Question: How do you prospect for new small business clients? Have you found there to be any “hot-button” issues that you can raise with a prospect that will help motivate them to get serious about listening to you?

Sarah J. Kaelberer, CFP, ChFC: I prospect by being where business owners are — attending Rotary meetings, chamber of commerce meetings, executive roundtables, etc. I network with other advisors and keep them informed on pressing issues, which has them turning to me for guidance on certain issues. On occasion, I will target specific businesses and find inroads through others who may know the owner. If I continue to do what I say I will do, do it when I say I will and be courteous, I will stay referable, which is the primary source of my new business.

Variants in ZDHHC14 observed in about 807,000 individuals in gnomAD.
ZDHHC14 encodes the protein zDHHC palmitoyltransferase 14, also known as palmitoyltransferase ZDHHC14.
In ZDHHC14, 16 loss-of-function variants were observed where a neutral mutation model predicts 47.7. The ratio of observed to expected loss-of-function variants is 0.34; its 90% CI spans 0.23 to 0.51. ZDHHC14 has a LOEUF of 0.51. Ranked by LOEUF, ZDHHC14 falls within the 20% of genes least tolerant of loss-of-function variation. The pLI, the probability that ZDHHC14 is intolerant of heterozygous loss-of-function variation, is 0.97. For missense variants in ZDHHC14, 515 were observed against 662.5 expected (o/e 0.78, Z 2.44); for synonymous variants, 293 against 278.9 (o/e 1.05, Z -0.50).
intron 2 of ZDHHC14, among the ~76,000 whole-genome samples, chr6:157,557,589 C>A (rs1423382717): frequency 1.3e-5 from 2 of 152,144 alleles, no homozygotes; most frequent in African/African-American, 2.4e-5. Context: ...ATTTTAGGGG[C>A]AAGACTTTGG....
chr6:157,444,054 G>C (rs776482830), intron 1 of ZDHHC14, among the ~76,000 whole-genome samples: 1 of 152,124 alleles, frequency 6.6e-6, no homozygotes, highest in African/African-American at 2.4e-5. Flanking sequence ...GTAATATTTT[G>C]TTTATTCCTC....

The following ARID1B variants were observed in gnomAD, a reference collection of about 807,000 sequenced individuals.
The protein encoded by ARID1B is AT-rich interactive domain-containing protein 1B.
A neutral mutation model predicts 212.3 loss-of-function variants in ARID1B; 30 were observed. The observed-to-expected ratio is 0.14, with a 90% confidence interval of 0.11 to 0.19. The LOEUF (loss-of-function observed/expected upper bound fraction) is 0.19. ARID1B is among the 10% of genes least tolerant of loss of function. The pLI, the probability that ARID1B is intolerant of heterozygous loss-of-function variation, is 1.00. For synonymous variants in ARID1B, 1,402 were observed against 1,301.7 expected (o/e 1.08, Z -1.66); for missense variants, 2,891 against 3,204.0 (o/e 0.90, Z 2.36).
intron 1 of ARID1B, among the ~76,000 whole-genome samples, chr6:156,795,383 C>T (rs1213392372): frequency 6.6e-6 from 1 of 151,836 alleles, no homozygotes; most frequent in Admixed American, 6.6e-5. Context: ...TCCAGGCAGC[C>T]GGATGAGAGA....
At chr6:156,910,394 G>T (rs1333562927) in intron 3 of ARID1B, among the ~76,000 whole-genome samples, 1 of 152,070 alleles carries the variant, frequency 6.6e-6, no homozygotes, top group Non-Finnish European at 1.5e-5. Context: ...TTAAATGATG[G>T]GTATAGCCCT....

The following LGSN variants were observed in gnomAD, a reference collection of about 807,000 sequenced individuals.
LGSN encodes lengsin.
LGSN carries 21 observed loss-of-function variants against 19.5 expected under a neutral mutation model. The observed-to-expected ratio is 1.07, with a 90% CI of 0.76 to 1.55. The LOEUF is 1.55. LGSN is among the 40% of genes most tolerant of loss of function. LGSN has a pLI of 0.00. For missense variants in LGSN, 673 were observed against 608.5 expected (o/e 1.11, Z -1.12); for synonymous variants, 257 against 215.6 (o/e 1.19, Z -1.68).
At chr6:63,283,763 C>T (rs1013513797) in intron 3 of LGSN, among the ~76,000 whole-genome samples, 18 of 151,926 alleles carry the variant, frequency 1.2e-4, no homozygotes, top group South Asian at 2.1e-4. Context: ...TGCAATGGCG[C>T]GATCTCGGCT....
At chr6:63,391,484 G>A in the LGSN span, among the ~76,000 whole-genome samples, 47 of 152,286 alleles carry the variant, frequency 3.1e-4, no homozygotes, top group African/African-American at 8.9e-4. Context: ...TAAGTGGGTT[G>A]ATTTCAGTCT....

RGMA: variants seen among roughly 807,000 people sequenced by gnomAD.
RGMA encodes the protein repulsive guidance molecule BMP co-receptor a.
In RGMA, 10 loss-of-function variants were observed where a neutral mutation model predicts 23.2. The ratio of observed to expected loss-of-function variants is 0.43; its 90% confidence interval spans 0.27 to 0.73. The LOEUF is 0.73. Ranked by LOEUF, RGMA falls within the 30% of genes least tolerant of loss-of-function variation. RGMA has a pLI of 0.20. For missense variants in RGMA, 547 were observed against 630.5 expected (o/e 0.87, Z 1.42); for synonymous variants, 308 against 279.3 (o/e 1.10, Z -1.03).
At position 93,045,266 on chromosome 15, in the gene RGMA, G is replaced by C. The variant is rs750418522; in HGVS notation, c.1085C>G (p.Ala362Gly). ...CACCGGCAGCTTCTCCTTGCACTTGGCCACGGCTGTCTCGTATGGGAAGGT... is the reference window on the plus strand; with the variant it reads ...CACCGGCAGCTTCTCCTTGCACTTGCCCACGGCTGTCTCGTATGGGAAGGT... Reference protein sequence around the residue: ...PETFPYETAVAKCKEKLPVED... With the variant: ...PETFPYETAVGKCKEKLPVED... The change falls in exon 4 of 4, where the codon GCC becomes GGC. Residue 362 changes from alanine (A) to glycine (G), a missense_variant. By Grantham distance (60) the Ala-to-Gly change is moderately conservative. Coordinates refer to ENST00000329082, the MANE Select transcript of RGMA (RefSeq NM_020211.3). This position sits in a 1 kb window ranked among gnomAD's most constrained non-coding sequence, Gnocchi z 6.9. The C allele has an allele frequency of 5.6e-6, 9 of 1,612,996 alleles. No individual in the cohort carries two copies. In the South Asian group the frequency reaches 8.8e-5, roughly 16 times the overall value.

Sarah J. Kaelberer, CFP, ChFC, is vice president of Business and Estate Advisors Inc. in Wayzata, Minn.

Editor’s Note: The preceding tip was taken from “Small-business succession planning can mean big business,” a Producer Roundtable by Charles K. Hirsch, CLU, that ran in the January 2011 issue of Life Insurance Selling. To read the full article, click here.

To read last week’s Tip of the Week, click here.

For more advice on business clients, see:

5 questions to ask a business owner

Term Insurance for Upscale and Business Clients

Split-Funded Defined Benefit Plans: Meeting the Needs of Small Business Owners